Donald Trump delved into new details of his plan to deal with nation’s worsening opioid epidemic on Saturday, going beyond his earlier promise to “build a wall” by pledging to crack down on prescription drug abuse while offering help to those struggling with addiction.
In a statement released before a rally in New Hampshire, Trump praised Congress’s passage of the Comprehensive Addiction and Recovery Act as “an important step.” He promised to increase first responders’ access to life-saving Narcan, encourage in-patient treatment for people struggling with addiction, and incentivize state and local governments to mandate treatment.
The number of US deaths from opioid overdose has roughly quadrupled since 1999, reaching a record of more than 28,000 in 2014, according to the Centers for Disease Control and Prevention. The problem is especially severe in rural counties along the Rust Belt, where support for Trump is strong.
To date, Trump’s comments on the issue have largely focused on building a wall on the Mexican border, which he says will stop the flow of heroin into the US, and swiftly deporting who he calls “illegal immigrant drug traffickers.” Saturday’s disclosure marked the first time he has addressed the issue of prescription drug abuse in detail in what he called a “doubling down.”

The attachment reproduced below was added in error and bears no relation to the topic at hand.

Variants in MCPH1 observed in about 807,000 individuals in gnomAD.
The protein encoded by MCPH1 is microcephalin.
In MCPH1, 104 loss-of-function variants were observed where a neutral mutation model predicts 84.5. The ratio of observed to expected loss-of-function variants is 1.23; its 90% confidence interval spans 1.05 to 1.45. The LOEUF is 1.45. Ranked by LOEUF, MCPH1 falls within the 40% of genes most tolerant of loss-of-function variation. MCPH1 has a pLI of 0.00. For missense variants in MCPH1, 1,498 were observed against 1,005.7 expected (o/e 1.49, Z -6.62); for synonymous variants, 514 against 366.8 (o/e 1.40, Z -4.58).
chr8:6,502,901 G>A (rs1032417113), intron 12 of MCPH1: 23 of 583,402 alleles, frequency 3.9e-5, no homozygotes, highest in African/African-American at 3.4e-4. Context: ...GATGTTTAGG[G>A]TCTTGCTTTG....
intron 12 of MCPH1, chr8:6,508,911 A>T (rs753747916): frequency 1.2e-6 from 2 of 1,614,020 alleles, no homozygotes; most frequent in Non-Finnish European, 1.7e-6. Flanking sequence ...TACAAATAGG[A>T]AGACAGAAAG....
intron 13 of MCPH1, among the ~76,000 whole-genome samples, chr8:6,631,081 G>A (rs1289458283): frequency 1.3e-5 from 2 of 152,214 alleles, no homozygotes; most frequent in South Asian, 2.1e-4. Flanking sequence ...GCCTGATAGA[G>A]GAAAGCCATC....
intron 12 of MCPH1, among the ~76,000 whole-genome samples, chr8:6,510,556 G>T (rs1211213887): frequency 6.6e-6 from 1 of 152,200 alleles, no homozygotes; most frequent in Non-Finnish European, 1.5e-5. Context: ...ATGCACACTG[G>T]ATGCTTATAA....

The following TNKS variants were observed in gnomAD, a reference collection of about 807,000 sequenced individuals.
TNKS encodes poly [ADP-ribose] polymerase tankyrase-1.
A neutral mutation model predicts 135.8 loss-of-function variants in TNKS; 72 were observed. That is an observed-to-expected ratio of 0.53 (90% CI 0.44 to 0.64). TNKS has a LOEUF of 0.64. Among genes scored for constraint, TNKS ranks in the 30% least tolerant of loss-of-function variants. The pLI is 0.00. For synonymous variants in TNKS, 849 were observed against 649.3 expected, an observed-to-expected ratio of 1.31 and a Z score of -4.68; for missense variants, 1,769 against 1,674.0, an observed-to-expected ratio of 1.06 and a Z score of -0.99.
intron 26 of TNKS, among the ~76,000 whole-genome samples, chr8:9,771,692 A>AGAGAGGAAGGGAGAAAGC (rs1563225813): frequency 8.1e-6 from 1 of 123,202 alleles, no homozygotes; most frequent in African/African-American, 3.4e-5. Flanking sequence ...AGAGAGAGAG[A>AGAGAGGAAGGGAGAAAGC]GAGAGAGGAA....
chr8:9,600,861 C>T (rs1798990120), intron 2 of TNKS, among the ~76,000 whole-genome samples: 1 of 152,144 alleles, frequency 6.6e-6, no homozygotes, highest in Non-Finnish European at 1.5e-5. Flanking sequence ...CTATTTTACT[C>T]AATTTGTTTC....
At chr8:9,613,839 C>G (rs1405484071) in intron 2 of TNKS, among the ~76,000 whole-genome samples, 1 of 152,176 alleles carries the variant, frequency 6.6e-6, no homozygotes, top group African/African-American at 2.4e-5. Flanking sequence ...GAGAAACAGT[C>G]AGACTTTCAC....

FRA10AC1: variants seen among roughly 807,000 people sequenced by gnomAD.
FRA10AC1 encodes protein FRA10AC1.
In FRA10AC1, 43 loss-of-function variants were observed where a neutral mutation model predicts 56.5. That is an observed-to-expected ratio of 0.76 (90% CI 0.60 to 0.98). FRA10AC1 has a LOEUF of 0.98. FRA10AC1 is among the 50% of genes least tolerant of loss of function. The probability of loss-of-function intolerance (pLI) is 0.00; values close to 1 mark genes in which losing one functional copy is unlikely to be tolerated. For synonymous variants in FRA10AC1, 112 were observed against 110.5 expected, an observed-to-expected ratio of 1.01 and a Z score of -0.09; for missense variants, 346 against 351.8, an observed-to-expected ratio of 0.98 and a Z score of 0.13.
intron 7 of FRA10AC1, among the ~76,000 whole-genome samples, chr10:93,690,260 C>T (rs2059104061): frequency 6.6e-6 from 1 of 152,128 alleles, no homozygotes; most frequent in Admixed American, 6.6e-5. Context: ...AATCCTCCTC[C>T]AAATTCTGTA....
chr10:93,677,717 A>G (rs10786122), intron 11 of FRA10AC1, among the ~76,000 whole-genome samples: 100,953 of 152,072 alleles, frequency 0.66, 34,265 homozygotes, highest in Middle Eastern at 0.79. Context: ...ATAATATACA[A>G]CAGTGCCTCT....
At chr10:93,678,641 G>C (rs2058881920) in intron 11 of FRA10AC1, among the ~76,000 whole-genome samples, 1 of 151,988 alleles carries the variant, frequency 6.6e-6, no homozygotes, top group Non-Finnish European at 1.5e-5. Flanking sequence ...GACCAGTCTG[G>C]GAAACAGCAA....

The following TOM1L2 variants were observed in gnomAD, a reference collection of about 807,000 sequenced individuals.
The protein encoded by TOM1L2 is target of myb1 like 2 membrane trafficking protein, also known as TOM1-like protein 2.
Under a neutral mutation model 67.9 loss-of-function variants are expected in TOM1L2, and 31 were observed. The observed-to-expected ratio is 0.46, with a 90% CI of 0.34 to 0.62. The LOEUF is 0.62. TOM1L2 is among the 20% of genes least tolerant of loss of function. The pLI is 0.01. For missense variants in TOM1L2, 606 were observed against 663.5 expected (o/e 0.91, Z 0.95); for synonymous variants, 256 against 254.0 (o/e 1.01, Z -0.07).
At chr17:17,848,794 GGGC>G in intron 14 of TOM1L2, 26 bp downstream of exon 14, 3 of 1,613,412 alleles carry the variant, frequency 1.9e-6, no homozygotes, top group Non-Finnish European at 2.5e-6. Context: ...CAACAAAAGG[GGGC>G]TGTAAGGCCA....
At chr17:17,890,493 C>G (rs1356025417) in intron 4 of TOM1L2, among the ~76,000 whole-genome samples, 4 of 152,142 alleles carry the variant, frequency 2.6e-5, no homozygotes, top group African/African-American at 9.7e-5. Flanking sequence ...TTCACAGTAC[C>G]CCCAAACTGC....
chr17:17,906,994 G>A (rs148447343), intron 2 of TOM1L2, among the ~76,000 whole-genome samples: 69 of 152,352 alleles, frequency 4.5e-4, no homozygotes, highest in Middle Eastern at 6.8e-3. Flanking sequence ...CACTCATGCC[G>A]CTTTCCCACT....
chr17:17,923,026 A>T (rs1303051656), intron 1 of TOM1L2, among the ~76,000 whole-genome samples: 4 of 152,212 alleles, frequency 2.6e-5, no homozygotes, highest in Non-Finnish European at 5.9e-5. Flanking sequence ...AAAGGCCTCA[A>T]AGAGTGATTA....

“It is tragedy enough that so many Americans are struggling with life-threatening addiction,” Trump said in prepared remarks. “We should not compound that tragedy with government policies and bureaucratic rules that make it even harder for them to get help.”
He called for the Food and Drug Administration to speed up the approval of so-called abuse-deterrent painkillers, and demanded that the Drug Enforcement Administration restrict the amount of prescription opioids that can be manufactured in the country. He said he would augment the number of patients doctors can treat for opioid addiction, even though that number was recently increased by the Department of Health and Human Services.
His stance presents little difference from that of Hillary Clinton, who in September said she’d expand access to treatment for addiction, promote the use of overdose reversal therapy, and require that health care providers get training on how to deal with substance abuse.